More generally it is appropriate to recognize that footprint has an inherent historical bias -- offering only a possibility of inferring the implications for the future. The footprint of a tiger offers no indication as to whether it is waiting behind the next rock. An ecological footprint is an indicator of past performance from which future performance may only be questionably inferred. It offers little indication of capacity for its reduction, even if that is recognized as desirable (Remedial Capacity Indicators Versus Performance Indicators, 1981)
Strategically following footprints? Tracking also offers the sense in which a person may choose to follow the trail of footprints of another. In the wild this is typically evident in following the path defined by others and thus presumed secure -- or in pursuit of prey. Both patterns continue to be evident, through following the guidance of "those who have gone before" or in quest of profitable targets and "marks" -- as is now so characteristic of profiling for marketing purposes.
Neither pattern offers a strong sense of how any ecological footprint might be reduced. The current importance given to "following" by social media can be challenged in that respect. How does following trends and following others lead to footprint reduction? How is the elegance of the collective swarming behaviour of some animals to be understood in that respect, when it is so disastrously characteristic of locust swarms? Given the ecological challenge, does collective intelligence -- a hive mind -- offer as yet unrecognized potential?
Disorientation: What contributes to strategic disorientation -- to being misled and not knowing where to go? Again the amazing capacity of the smallest of birds to migrate annually to the other side of the globe is suggestive, especially given the capacity to return. More locally the phenomenon is evident in the case of homing pigeons -- proven to be vital in time of war. Explanations for that capacity have proved elusive.
Only in 2014 has research been able to confirm the role of magnetism in enabling the capacity of birds to orient themselves in relation to the Earth's magnetic field, as summarized with its implications for humans by cognitive neurocientist Philip Jaekl (Can humans navigate by sensing the Earth's magnetic field? Aeon, July 2019). This notes the demonstrated skill of some seafarers in the Pacific. The findings have set the stage for new experiments that, over time, have shown that flies, honeybees, ants and termites, snails, newts, various fish, frogs, sea turtles, lobsters, pigeons, mice, bats, mole rats, foxes, cattle and deer all have a magnetoreception capacity.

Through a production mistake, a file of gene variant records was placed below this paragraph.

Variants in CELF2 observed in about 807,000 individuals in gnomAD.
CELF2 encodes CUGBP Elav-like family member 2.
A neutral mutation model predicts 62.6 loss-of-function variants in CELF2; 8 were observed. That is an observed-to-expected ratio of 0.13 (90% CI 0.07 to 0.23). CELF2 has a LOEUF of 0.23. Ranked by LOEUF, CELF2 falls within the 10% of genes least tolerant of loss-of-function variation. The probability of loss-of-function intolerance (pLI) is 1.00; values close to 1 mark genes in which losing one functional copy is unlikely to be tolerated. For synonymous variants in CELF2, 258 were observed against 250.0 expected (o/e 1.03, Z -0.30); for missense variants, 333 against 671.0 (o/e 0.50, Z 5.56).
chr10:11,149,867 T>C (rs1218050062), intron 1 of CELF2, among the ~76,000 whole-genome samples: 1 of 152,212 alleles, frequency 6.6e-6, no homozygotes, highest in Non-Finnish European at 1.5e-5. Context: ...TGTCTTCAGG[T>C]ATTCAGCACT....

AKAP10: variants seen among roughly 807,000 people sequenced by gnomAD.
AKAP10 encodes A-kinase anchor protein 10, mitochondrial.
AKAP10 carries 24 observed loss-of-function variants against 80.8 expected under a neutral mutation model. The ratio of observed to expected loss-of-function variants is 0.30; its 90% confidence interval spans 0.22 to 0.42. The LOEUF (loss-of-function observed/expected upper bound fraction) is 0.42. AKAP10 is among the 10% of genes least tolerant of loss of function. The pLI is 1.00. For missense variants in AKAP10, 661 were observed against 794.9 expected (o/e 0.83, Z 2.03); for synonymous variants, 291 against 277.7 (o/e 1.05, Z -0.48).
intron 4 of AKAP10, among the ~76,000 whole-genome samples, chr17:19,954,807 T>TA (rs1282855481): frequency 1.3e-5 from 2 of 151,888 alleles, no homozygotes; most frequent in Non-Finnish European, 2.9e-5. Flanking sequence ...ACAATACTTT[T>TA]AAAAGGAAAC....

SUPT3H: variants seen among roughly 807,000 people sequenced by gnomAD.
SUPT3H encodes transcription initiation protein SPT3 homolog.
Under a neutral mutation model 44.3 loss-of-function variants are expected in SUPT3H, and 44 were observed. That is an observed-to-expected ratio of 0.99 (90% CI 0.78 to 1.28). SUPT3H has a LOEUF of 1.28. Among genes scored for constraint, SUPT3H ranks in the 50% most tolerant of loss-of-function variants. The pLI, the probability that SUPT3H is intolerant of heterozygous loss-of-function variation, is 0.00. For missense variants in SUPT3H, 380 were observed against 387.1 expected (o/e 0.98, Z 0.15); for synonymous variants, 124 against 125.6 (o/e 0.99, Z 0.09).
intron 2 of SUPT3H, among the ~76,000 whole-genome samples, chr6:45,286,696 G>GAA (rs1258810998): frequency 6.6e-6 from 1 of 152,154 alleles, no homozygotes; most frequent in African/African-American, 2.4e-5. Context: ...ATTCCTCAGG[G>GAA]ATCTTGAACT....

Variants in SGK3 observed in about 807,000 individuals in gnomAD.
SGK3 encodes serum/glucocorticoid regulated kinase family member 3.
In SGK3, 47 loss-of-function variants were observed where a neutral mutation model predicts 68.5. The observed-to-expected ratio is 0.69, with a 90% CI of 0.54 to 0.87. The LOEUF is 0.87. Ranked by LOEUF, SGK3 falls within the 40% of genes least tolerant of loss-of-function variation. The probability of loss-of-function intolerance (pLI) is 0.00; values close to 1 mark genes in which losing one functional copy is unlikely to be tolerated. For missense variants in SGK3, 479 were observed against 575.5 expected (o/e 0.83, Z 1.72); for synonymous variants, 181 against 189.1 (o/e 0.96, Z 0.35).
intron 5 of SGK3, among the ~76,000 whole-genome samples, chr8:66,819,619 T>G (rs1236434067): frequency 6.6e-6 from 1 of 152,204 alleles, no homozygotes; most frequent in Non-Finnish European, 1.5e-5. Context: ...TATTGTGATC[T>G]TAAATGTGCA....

That orientation capacity can however be disrupted through manipulation of the magnetic field. This raises the possibility that the navigational ability of humans might be similarly disrupted. Research suggested that failure to replicate in the USA the earlier successful research in the UK was due to the incidence of AM radio broadcasts throughout the US, but nearly nonexistent in the UK at the time. If magnetoreception can be jammed by AM frequencies, this explained why so much time and effort put into replicating earlier results ended in failure.
Understanding of such matters is as yet in its initial phase. It does however frame the question of the nature of an "electromagnetic footprint" which might prove to be a dimension of an ecological footprint -- especially given increasing wifi facilities at home. There is no lack of concern at the potential health risks of electromagnetic pollution -- readily dismissed as insignificant with respect to those held to be more obvious, despite arguments to the contrary (Priyanka Bandara and David Carpenter, Planetary Electromagnetic Pollution: it is time to assess its impact, The Lancet: planetary health, 2, 2018, 12). This notes that:
Due to the exponential increase in the use of wireless personal communication devices (eg, mobile or cordless phones and WiFi or Bluetooth-enabled devices) and the infrastructure facilitating them, levels of exposure to radiofrequency electromagnetic radiation around the 1 GHz frequency band, which is mostly used for modern wireless communications, have increased from extremely low natural levels by about 1018 times... Evidence also exists of the effects of radiofrequency electromagnetic radiation on flora and fauna. For example, the reported global reduction in bees and other insects is plausibly linked to the increased radiofrequency electromagnetic radiation in the environment. Honeybees are among the species that use magnetoreception, which is sensitive to anthropogenic electromagnetic fields, for navigation